Saturday, September 28, 2019

Female Gaze

Portrait of a Lady on Fire (2019) - Sciamma
Talking about female gaze. It's all about that. Sciamma's period piece centers around two women. One, Marianne (Noémie Merlant), a portrait painter whose job is that of a photographer back then. The other, Héloïse (Adèle Haenel), fresh plucked out of the convent to get married off to her dead sister’s Italian suitor that she’s never met. It was her mother (Valeria Golino)’s insistence that her portrait be painted and sent to Italy before the wedding. Marianne is supposed to be there for a week. In and out. A quickie.

Héloïse already refused to pose and to be painted by another portrait artist and sent him packing, leaving a creepy portrait painting without a face when Marianne arrives by the sea. But the mother insists on Marianne not telling Héloïse that she is there to paint her portrait, but paint her in secret from glimpses while acting as ‘walking companion’.

With their walks by the beach together, they get to know each other a little. Héloïse is understandably gloomy about her impending fate. Marianne sympathizes while trying to get glances of her subject of the painting. Marianne paints a portrait quickly in a week. But since she feels guilty of not informing her subject, she wants to show it to Héloïse before she says goodbye.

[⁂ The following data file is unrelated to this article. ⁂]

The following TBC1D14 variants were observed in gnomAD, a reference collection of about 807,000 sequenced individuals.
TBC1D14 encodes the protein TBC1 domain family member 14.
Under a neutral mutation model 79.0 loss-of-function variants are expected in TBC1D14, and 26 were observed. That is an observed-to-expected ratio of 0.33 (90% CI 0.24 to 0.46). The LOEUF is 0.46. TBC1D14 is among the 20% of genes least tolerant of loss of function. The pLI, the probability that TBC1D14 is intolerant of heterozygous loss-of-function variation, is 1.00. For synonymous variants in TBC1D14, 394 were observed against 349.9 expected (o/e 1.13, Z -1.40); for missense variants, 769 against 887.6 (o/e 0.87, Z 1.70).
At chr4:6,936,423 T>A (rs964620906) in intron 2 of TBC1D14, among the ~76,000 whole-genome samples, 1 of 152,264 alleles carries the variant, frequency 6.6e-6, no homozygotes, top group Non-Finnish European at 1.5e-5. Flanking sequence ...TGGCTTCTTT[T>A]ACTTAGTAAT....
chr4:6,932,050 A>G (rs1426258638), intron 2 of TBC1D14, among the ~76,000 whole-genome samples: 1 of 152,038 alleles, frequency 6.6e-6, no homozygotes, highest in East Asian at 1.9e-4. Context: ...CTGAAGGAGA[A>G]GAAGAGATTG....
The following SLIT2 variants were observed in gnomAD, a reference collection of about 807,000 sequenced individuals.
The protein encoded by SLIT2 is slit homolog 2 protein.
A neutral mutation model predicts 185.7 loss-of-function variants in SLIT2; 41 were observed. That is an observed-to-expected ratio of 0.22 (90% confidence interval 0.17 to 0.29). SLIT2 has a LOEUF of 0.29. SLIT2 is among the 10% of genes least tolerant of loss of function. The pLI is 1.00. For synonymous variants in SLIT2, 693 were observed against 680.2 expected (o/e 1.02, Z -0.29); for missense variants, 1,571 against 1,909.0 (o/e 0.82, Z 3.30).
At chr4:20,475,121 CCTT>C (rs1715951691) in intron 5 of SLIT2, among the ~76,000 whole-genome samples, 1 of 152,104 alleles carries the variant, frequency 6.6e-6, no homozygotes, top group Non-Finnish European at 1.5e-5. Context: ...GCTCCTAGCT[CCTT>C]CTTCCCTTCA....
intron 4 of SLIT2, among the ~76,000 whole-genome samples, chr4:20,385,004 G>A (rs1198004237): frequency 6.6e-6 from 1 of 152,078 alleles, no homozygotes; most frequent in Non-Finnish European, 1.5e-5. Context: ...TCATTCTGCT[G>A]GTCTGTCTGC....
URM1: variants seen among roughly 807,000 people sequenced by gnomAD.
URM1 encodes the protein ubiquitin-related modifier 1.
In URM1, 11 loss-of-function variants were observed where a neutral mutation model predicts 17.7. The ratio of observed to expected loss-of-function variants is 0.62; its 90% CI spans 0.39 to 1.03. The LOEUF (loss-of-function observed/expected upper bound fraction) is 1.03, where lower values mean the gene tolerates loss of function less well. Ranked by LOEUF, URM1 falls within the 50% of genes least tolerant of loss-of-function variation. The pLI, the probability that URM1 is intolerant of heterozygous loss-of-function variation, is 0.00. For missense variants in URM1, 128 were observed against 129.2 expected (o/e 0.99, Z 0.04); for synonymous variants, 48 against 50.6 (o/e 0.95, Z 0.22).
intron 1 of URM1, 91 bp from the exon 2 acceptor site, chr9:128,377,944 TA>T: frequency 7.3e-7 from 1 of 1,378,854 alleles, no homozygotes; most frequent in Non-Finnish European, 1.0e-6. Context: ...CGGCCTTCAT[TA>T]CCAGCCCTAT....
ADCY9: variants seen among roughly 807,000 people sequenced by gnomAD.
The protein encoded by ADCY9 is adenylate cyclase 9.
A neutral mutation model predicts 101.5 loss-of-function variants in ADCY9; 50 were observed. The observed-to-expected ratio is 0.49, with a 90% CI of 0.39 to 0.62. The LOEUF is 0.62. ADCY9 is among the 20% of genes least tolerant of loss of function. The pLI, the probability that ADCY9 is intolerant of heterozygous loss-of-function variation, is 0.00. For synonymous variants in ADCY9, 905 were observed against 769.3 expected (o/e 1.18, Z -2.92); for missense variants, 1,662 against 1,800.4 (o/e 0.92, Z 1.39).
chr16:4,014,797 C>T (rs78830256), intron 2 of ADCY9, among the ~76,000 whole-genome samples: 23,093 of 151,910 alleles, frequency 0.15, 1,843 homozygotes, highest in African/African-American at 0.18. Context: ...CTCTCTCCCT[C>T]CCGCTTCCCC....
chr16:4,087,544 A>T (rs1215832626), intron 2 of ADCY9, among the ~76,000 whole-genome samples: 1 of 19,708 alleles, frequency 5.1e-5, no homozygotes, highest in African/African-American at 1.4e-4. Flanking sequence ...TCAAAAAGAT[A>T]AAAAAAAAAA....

Héloïse’s reaction takes Marianne by surprise. She thinks it’s lifeless. It is not nice to assume that she knows the subject. Deeply offended and ashamed, she smears the painting and asks the mother to give her more time. Héloïse, now intrigued, volunteers to pose. They get 5 more days.

Whether it was due to Héloïse jumping into the ocean, Marianne's lascivious (but professional) glances or Marianne seeing Héloïse’s dress catching fire by the bonfire at the beach, they fall in love. They have only few days together and when they depart, their heart will break.

What’s remarkable about Portrait of a Lady on Fire is its timelessness. This is not another tragic drama about women trapped by their circumstances. There is a joyful vivrancy about the film. They fully accept their fate, laid out by period and society. Yet they enjoy their few days together and remember it forever. It’s super life affirming and uplifting, rather than sad. Certainly one of the year’s best.